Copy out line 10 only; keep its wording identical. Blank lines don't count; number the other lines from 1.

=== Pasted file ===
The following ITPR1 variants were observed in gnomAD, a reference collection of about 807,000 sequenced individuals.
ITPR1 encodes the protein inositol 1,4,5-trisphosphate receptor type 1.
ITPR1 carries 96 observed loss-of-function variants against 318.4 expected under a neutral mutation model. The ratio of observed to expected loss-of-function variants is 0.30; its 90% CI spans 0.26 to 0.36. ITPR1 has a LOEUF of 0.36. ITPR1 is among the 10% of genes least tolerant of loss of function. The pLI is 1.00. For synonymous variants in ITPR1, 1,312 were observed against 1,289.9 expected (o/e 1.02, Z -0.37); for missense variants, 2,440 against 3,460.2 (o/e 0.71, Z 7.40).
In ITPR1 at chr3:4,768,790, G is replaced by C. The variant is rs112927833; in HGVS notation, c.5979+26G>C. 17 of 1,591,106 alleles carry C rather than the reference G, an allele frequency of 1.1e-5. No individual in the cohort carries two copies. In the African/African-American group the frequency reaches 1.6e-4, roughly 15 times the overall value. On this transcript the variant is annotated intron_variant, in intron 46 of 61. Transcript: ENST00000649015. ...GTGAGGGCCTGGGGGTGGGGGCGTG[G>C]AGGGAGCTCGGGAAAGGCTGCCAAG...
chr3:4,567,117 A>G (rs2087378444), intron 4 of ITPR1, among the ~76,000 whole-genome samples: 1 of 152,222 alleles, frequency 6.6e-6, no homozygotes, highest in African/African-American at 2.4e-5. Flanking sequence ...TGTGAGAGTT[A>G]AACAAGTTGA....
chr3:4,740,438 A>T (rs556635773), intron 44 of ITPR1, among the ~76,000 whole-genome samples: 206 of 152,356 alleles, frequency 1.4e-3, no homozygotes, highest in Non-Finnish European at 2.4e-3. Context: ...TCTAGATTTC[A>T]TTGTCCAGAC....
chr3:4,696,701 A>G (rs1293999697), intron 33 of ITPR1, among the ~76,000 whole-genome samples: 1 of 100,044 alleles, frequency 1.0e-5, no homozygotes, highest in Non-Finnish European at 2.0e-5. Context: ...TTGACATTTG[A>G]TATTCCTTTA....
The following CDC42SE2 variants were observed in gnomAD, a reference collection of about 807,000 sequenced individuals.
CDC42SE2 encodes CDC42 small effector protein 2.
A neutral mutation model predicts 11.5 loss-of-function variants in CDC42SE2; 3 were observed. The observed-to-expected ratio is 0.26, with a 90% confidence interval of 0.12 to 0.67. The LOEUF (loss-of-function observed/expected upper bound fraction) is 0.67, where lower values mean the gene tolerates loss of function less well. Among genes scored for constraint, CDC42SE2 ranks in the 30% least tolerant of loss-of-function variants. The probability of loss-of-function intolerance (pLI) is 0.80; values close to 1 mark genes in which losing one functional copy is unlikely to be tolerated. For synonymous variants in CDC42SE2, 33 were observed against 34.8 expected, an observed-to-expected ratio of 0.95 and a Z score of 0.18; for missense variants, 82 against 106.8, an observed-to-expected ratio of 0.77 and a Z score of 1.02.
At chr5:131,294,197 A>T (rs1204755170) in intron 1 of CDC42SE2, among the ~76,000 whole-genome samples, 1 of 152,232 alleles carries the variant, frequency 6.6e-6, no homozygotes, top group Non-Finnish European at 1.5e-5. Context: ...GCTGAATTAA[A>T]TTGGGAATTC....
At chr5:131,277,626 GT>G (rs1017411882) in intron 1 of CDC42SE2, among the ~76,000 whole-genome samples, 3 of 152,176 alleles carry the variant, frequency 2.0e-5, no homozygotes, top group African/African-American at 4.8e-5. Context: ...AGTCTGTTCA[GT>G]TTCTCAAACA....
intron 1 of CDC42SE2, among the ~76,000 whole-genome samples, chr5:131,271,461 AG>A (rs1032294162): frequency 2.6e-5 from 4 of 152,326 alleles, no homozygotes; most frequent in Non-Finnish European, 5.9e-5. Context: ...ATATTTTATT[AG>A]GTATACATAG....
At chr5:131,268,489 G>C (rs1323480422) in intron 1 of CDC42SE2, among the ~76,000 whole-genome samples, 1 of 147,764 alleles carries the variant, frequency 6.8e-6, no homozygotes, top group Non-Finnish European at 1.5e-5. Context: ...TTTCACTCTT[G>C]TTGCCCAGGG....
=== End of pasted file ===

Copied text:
A neutral mutation model predicts 11.5 loss-of-function variants in CDC42SE2; 3 were observed. The observed-to-expected ratio is 0.26, with a 90% confidence interval of 0.12 to 0.67. The LOEUF (loss-of-function observed/expected upper bound fraction) is 0.67, where lower values mean the gene tolerates loss of function less well. Among genes scored for constraint, CDC42SE2 ranks in the 30% least tolerant of loss-of-function variants. The probability of loss-of-function intolerance (pLI) is 0.80; values close to 1 mark genes in which losing one functional copy is unlikely to be tolerated. For synonymous variants in CDC42SE2, 33 were observed against 34.8 expected, an observed-to-expected ratio of 0.95 and a Z score of 0.18; for missense variants, 82 against 106.8, an observed-to-expected ratio of 0.77 and a Z score of 1.02.